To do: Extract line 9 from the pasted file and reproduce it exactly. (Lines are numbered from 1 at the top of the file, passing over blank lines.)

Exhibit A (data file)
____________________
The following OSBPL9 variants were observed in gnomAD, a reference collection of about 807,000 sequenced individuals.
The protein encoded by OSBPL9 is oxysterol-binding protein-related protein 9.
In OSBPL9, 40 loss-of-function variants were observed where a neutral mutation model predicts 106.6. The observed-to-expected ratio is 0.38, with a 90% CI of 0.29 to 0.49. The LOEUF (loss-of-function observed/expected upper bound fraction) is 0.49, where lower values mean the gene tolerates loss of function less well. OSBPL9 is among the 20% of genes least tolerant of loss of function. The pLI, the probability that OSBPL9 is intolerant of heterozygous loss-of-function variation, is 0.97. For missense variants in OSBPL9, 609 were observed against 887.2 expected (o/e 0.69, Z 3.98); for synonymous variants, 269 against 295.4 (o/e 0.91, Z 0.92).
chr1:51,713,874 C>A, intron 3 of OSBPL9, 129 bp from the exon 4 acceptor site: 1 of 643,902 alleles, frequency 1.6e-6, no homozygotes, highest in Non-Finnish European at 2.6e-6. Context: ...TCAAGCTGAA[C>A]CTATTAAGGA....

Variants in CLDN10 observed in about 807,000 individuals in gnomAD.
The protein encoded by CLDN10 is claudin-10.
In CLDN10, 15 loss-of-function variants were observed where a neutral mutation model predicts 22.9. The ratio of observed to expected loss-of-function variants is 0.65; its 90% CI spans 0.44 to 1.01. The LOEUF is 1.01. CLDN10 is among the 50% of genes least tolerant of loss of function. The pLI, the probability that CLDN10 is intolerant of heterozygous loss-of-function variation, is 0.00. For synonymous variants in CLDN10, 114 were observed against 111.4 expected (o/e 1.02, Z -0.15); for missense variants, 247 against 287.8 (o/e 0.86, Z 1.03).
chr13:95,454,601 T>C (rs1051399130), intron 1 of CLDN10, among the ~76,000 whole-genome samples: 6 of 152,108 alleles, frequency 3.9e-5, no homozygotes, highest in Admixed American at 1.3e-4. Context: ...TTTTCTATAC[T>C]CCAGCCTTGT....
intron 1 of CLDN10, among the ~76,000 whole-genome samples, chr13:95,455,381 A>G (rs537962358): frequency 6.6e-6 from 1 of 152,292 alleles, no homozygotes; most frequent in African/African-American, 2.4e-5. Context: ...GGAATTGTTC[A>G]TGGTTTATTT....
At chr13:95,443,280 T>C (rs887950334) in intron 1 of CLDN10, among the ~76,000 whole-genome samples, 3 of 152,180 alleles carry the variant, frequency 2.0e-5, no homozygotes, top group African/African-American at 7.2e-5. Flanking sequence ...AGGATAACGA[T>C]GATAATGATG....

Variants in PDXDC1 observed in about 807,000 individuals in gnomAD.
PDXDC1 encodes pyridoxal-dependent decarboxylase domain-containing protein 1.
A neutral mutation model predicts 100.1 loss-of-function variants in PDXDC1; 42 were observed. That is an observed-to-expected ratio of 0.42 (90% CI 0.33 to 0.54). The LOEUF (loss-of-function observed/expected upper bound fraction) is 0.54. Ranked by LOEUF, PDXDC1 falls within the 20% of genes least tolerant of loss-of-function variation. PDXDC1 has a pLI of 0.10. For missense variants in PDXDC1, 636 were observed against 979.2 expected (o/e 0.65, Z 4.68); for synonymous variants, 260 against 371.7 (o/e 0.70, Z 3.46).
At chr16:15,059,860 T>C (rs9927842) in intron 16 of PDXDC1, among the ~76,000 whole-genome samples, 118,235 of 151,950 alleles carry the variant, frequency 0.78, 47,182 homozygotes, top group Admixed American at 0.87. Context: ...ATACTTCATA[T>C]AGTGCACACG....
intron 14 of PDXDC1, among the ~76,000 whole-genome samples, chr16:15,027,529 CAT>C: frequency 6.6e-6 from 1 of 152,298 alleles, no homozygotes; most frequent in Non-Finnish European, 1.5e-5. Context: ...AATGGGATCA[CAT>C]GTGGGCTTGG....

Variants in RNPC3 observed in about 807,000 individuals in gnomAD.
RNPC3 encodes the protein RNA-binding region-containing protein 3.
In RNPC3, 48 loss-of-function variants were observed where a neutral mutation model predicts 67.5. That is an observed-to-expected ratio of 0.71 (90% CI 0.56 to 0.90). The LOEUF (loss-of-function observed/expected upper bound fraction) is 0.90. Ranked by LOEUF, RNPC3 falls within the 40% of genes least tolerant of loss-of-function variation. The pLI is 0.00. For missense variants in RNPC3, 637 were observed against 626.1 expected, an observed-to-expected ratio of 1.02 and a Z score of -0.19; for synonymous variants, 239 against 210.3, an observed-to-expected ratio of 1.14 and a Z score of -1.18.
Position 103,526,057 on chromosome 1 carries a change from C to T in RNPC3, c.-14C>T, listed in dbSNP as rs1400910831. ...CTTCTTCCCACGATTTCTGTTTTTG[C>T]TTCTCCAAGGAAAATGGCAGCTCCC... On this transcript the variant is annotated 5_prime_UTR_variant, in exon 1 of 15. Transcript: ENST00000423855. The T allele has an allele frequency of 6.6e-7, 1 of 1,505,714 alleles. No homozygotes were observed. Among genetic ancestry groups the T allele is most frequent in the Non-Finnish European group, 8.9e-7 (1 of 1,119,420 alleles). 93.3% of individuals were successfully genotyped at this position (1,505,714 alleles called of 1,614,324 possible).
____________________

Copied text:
intron 1 of CLDN10, among the ~76,000 whole-genome samples, chr13:95,455,381 A>G (rs537962358): frequency 6.6e-6 from 1 of 152,292 alleles, no homozygotes; most frequent in African/African-American, 2.4e-5. Context: ...GGAATTGTTC[A>G]TGGTTTATTT....